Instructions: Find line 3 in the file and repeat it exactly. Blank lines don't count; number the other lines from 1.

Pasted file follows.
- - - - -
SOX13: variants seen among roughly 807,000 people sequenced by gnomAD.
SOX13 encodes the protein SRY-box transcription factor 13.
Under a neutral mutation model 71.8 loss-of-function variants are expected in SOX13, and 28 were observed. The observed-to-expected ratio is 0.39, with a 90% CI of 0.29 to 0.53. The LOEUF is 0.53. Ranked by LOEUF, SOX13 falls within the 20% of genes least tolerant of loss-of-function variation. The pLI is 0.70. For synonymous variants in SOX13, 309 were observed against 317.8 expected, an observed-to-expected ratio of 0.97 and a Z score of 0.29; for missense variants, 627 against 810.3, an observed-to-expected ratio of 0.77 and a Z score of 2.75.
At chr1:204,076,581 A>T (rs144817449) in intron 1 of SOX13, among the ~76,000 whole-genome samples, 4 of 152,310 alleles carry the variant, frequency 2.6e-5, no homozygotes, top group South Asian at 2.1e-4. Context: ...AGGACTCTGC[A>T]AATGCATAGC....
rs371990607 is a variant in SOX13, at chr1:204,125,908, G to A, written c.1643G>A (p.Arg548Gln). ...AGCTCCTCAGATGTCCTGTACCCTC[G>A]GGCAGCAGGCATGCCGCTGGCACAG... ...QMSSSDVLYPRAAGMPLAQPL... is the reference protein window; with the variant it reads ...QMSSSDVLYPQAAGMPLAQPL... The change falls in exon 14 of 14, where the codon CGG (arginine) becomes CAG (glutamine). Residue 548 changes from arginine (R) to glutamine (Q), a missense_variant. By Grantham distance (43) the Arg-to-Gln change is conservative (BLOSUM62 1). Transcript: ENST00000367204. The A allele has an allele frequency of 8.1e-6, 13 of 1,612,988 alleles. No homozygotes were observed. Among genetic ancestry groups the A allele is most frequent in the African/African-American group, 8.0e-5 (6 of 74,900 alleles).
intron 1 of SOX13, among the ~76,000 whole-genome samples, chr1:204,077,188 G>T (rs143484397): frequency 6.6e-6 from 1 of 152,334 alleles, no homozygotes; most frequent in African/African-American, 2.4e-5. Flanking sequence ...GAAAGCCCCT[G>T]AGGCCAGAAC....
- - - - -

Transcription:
Under a neutral mutation model 71.8 loss-of-function variants are expected in SOX13, and 28 were observed. The observed-to-expected ratio is 0.39, with a 90% CI of 0.29 to 0.53. The LOEUF is 0.53. Ranked by LOEUF, SOX13 falls within the 20% of genes least tolerant of loss-of-function variation. The pLI is 0.70. For synonymous variants in SOX13, 309 were observed against 317.8 expected, an observed-to-expected ratio of 0.97 and a Z score of 0.29; for missense variants, 627 against 810.3, an observed-to-expected ratio of 0.77 and a Z score of 2.75.